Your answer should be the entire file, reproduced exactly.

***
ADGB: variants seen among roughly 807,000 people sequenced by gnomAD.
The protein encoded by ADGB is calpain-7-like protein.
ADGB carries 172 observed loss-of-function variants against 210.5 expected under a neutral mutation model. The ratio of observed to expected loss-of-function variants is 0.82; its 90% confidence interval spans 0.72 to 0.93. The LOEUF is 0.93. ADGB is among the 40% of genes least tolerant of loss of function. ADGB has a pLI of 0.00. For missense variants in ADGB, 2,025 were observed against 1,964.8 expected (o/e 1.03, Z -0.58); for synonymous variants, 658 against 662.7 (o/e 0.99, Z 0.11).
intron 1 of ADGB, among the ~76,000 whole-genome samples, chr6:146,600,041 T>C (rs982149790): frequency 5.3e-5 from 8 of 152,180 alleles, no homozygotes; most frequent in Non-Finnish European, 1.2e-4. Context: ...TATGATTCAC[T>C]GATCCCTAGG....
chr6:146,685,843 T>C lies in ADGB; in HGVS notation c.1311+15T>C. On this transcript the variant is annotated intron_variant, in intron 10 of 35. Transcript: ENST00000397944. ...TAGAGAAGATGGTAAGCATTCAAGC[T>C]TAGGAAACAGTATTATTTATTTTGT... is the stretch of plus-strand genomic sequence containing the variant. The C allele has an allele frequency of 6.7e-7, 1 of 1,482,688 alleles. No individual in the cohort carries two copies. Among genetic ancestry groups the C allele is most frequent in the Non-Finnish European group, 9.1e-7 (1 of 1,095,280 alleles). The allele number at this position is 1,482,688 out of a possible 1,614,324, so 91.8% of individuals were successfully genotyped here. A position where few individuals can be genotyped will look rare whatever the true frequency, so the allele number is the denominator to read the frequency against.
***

ADGB: variants seen among roughly 807,000 people sequenced by gnomAD.
The protein encoded by ADGB is calpain-7-like protein.
ADGB carries 172 observed loss-of-function variants against 210.5 expected under a neutral mutation model. The ratio of observed to expected loss-of-function variants is 0.82; its 90% confidence interval spans 0.72 to 0.93. The LOEUF is 0.93. ADGB is among the 40% of genes least tolerant of loss of function. ADGB has a pLI of 0.00. For missense variants in ADGB, 2,025 were observed against 1,964.8 expected (o/e 1.03, Z -0.58); for synonymous variants, 658 against 662.7 (o/e 0.99, Z 0.11).
intron 1 of ADGB, among the ~76,000 whole-genome samples, chr6:146,600,041 T>C (rs982149790): frequency 5.3e-5 from 8 of 152,180 alleles, no homozygotes; most frequent in Non-Finnish European, 1.2e-4. Context: ...TATGATTCAC[T>C]GATCCCTAGG....
chr6:146,685,843 T>C lies in ADGB; in HGVS notation c.1311+15T>C. On this transcript the variant is annotated intron_variant, in intron 10 of 35. Transcript: ENST00000397944. ...TAGAGAAGATGGTAAGCATTCAAGC[T>C]TAGGAAACAGTATTATTTATTTTGT... is the stretch of plus-strand genomic sequence containing the variant. The C allele has an allele frequency of 6.7e-7, 1 of 1,482,688 alleles. No individual in the cohort carries two copies. Among genetic ancestry groups the C allele is most frequent in the Non-Finnish European group, 9.1e-7 (1 of 1,095,280 alleles). The allele number at this position is 1,482,688 out of a possible 1,614,324, so 91.8% of individuals were successfully genotyped here. A position where few individuals can be genotyped will look rare whatever the true frequency, so the allele number is the denominator to read the frequency against.